Frank O'Farrell

Frank O’Farrell Obituary

Pioneering Irish musician Frank O’Farrell passed away in late October in New York. Born in Dublin in 1945 within close walking distance of national stadium Croke Park, Frank was the eldest of eight children born to Michael and Margaret (nee Doyle) O’Farrell. His father was a carpenter by trade as well as a talented fiddle player who toured with showbands throughout Ireland in the 1930s and 40s. When Frank was 13 in 1958, his father decided to move his young family to London to seek opportunity. This move proved difficult for the young Dubliner, and he experienced hostility and discrimination at school frequently simply for being Irish. But he learned to be a fighter, and his “Fighting Irish” spirit remained with him for his entire life.

Sign up to The Irish Echo Newsletter

Sign up today to get daily, up-to-date news and views from Irish America.

Rock and roll was exploding in the UK in the 1950’s, and like many kids at the time Frank picked up a guitar as a teenager. With an adventurous spirit and desire to see the world, he joined the British Army in 1962 at the age of 17 and was stationed in Hamburg during the same period that the Beatles spent time in the city before they became household names. He spent 4 years in Germany learning fluent German along the way and honing his craft as a guitarist when not performing his duties as an army radio operator for the Royal Signals.

Frank returned to England in 1966, heading back to London in the height of the swinging 60s. By then The Beatles, Rolling Stones and a plethora of British bands were dominating the global musical landscape. An ambitious musician himself, he began gigging in pubs and clubs around the city and developed a reputation as an impressive example of what became known as a “one-man band.” He would sing, play guitar, and the harmonica through most songs. He also pioneered the use of early drum machines, using his left foot to control the beats and fills of the rhythm section, and his right foot to control a number of different effects on his guitar. In later years, he would use his right foot to control synths connected to his digital guitar to expand his sound even further. He also played the bassline on songs as he simultaneously strummed the guitar chords.

This wildly impressive “full band” sound was embellished by a charismatic, humorous and magnetic personality. He would sprinkle multiple dirty jokes and stories of his escapades throughout his sets each night, entrancing his audiences and developing a cult following. A perfectionist about musicianship, Frank integrated and worked with a number of bands through his early career, but in reality, he was more of a spectacle as a solo artist. His sets would often continue for up to 6 hours for nearly four decades, and his encyclopedic knowledge of hundreds of songs ensured each performance was unique.

Frank released his debut album “Tryin’ To Live It Down,” in 1975. With Irish, country and rock influences, it included a number of original songs, including the title track and was well received. In 1980, he wrote one of his better known recordings about the loss of his relationship with his estranged young son “I Used to Rock You”. It gained radio airplay and created a more expansive fan base.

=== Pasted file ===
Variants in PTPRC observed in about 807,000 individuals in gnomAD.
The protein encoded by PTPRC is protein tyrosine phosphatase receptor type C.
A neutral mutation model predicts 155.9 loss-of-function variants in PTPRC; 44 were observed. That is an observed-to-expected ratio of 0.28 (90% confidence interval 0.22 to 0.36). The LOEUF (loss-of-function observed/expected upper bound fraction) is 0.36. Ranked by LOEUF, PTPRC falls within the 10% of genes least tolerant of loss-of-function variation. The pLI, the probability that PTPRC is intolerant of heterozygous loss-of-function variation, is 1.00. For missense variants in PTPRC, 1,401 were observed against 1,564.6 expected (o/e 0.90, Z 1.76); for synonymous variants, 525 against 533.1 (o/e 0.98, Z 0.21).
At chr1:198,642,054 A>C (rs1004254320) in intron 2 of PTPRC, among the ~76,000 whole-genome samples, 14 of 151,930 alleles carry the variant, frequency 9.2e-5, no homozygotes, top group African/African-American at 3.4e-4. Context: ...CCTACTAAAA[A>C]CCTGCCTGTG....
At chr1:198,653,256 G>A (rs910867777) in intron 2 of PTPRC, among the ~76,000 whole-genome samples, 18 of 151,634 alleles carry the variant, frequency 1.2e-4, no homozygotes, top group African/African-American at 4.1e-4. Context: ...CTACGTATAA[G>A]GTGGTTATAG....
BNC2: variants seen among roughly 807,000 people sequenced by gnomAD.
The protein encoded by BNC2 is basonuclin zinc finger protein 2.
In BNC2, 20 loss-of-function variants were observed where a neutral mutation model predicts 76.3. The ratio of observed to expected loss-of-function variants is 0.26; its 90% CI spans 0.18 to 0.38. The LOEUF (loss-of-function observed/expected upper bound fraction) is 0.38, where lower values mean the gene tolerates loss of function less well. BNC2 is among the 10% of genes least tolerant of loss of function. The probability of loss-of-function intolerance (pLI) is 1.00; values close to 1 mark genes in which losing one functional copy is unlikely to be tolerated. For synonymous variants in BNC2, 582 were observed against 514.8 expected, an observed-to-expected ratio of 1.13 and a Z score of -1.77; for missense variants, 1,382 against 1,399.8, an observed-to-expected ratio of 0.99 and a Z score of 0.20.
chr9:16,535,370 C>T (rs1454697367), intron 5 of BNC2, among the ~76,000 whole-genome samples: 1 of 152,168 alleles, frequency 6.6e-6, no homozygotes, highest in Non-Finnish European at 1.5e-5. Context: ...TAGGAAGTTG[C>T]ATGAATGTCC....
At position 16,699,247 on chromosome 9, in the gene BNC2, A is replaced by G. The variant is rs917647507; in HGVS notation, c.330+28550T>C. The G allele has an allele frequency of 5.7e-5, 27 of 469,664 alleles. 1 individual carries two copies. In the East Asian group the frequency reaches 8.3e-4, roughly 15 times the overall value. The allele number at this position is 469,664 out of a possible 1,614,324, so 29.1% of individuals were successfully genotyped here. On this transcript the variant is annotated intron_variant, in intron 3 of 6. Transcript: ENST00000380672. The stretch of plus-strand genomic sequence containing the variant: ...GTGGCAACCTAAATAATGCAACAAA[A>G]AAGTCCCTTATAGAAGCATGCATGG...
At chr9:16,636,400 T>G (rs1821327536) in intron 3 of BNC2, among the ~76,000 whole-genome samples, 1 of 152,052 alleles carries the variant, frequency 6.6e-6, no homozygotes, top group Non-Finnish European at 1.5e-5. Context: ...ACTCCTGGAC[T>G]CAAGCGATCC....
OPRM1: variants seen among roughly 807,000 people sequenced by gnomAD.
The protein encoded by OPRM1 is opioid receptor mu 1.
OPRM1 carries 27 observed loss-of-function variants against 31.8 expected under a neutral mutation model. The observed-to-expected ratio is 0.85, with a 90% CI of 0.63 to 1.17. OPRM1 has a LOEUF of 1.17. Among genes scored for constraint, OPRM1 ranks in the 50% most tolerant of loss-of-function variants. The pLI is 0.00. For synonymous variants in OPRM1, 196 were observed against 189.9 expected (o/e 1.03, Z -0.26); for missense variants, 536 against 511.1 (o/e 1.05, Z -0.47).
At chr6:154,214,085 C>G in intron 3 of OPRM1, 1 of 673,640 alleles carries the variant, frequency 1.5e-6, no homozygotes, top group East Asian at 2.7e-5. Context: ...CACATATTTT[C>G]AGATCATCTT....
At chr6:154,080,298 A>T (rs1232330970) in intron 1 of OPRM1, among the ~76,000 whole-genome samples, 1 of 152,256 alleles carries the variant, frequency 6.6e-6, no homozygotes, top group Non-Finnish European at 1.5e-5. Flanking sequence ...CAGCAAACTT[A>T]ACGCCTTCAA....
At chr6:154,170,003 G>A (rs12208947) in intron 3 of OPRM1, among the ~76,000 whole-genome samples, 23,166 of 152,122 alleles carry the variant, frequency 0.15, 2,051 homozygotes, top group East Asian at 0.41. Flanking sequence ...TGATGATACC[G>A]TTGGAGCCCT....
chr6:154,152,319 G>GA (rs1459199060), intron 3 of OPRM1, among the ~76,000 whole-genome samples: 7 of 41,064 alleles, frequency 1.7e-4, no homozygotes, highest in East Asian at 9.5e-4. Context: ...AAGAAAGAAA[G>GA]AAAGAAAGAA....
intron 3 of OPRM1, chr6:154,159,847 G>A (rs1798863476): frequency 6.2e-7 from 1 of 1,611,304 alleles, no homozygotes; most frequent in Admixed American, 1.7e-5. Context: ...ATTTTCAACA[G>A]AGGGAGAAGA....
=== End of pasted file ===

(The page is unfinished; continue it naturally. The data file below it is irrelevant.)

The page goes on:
Looking for musical inspiration, Frank set his sights on America. He arrived in New York City for the first time in February 1982. He was 37. New York would remain his home for the next 35 years. He quickly developed a new US fan base for his performances and stagecraft. In early 1985 he met a talented 27-year-old vocalist called Raphaelle Ward. Like Frank, she also hailed from the greater Dublin area and had recently emigrated to New York. They started performing together and became romantically involved. Naming their band Erin’s Pride, they quickly became one of the most popular Irish musical acts in the North-Eastern United States. Both charismatic and talented singers, they had great chemistry on stage. Expanding the band to sometimes 5 pieces, they remained extremely popular in Irish music circles for well over a decade, releasing five successful albums between 1986 and 1997 and headlined Irish festivals up and down the East Coast from Boston to Florida.

Erin’s Pride peaked in commercial popularity in 1988 with the release of their hit album “When New York Was Irish”. That album went on to sell over 100,000 records. The band sold well north of 300,000 albums independently through their career with four other albums: “Here in America,” (1986); “For You,” (1990); “It’s Our Anniversary” (1993); and “May the Road Rise to Meet You” (1997) before parting ways in 1998 shortly after the release of their fifth and final album.

Soon after, Raphaelle returned to Ireland and Frank continued performing as the Frank O’Farrell Band for a further 5 years. Sadly, he developed a debilitating heart condition in 2003, retreating to Long Island and retired from touring. But he did continue to appear as a guest vocalist for a number of bands up until his final years. After a 14-year struggle with his condition, O’Farrell died from heart failure on October 30th 2017. He was 72.

Buried in Commack, New York, Frank is survived by his only child Dylan, daughter-in-law Jenesse, and grandchildren Finnbar & Suzanne O’Farrell. They live just outside of San Francisco in California. He is also survived by siblings Marie McDonagh in Roscommon, and Ronald & Canice O’Farrell of Ipswich, England and their families. Frank's memory, like his music, is forever in their hearts and souls.